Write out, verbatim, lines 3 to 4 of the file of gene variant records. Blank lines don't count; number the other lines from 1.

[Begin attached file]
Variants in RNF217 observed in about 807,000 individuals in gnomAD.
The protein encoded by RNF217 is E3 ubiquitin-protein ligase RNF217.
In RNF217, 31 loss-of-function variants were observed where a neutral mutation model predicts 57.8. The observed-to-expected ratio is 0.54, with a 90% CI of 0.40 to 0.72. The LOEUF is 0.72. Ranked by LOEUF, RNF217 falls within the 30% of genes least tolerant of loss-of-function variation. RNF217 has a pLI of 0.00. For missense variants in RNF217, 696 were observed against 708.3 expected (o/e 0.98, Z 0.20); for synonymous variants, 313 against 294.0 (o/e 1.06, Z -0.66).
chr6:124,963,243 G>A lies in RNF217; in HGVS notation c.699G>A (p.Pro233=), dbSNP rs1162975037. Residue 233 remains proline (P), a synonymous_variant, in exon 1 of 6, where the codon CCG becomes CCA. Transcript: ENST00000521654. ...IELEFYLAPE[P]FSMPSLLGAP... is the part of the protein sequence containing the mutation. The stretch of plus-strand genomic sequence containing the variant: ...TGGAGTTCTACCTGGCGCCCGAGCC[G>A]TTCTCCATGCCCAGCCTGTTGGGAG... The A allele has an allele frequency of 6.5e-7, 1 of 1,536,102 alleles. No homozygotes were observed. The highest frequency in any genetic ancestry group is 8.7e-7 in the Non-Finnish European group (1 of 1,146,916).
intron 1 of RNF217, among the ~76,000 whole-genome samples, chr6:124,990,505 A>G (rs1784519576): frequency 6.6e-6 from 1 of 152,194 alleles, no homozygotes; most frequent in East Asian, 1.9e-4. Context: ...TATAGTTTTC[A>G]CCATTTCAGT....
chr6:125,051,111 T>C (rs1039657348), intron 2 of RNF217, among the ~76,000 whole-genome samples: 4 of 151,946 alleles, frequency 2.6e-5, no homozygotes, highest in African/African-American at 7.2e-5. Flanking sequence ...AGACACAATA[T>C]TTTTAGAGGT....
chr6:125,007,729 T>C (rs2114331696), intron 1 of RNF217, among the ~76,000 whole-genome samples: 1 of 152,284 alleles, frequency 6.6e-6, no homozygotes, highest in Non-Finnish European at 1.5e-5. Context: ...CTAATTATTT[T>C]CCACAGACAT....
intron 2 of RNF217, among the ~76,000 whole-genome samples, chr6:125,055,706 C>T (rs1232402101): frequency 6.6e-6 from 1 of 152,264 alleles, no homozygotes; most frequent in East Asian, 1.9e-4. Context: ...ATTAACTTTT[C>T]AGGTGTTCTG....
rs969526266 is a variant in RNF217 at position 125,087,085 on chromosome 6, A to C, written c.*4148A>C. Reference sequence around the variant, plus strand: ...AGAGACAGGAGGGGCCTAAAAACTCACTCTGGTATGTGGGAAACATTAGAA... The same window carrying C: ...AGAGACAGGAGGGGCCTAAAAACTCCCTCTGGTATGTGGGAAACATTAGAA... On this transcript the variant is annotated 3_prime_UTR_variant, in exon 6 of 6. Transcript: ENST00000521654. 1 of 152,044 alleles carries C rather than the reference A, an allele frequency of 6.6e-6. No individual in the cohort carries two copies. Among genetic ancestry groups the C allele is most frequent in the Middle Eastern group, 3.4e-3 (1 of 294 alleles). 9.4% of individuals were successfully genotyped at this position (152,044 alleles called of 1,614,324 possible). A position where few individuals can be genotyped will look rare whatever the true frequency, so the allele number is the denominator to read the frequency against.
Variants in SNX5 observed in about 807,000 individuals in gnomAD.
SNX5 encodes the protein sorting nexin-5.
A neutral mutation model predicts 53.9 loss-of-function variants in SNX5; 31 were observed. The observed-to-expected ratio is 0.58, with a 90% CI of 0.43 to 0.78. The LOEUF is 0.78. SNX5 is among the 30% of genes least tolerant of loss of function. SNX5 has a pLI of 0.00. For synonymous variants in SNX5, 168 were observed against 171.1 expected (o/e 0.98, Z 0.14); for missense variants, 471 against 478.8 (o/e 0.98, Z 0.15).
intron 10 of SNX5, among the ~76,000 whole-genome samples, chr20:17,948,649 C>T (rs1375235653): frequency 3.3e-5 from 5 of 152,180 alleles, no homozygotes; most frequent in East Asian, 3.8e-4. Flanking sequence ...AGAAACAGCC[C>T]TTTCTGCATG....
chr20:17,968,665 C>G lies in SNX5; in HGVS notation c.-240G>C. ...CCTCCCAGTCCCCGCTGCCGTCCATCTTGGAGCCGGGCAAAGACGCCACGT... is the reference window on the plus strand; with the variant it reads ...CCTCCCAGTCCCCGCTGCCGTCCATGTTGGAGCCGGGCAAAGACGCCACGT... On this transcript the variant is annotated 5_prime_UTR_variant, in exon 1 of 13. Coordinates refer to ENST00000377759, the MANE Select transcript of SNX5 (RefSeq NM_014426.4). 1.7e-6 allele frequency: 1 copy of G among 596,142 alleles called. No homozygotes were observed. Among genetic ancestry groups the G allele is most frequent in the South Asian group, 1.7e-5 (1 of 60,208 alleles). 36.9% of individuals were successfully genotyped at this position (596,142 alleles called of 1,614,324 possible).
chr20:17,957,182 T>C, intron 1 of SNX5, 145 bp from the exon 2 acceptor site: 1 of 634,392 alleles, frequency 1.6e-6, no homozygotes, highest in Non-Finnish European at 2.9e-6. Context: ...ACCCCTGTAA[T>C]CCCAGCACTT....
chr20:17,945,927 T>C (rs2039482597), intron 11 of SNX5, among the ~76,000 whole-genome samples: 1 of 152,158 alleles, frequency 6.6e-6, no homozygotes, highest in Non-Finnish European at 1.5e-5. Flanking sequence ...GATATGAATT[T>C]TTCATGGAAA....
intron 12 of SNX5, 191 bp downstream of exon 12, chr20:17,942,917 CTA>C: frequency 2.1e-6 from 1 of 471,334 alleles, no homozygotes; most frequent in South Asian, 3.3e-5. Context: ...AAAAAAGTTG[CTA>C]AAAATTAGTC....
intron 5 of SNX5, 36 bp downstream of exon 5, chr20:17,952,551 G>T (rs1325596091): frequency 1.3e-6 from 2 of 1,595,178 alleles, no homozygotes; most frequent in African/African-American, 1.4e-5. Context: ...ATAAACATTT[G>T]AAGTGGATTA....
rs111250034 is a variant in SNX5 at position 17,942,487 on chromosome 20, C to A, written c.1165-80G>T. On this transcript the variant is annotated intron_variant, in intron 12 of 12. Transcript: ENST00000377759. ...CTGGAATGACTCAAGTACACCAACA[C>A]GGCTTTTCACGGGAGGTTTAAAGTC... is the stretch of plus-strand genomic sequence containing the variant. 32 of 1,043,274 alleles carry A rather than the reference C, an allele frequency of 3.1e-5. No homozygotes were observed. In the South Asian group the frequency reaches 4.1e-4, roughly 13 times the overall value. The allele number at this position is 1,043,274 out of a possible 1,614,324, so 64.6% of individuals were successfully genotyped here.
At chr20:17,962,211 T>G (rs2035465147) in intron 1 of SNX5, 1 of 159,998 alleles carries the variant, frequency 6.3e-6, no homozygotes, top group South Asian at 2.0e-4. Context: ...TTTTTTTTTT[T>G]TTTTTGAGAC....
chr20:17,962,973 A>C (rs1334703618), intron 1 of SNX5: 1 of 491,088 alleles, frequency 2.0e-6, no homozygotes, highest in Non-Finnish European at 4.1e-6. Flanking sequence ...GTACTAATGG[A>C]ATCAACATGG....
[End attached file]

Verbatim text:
In RNF217, 31 loss-of-function variants were observed where a neutral mutation model predicts 57.8. The observed-to-expected ratio is 0.54, with a 90% CI of 0.40 to 0.72. The LOEUF is 0.72. Ranked by LOEUF, RNF217 falls within the 30% of genes least tolerant of loss-of-function variation. RNF217 has a pLI of 0.00. For missense variants in RNF217, 696 were observed against 708.3 expected (o/e 0.98, Z 0.20); for synonymous variants, 313 against 294.0 (o/e 1.06, Z -0.66).
chr6:124,963,243 G>A lies in RNF217; in HGVS notation c.699G>A (p.Pro233=), dbSNP rs1162975037. Residue 233 remains proline (P), a synonymous_variant, in exon 1 of 6, where the codon CCG becomes CCA. Transcript: ENST00000521654. ...IELEFYLAPE[P]FSMPSLLGAP... is the part of the protein sequence containing the mutation. The stretch of plus-strand genomic sequence containing the variant: ...TGGAGTTCTACCTGGCGCCCGAGCC[G>A]TTCTCCATGCCCAGCCTGTTGGGAG... The A allele has an allele frequency of 6.5e-7, 1 of 1,536,102 alleles. No homozygotes were observed. The highest frequency in any genetic ancestry group is 8.7e-7 in the Non-Finnish European group (1 of 1,146,916).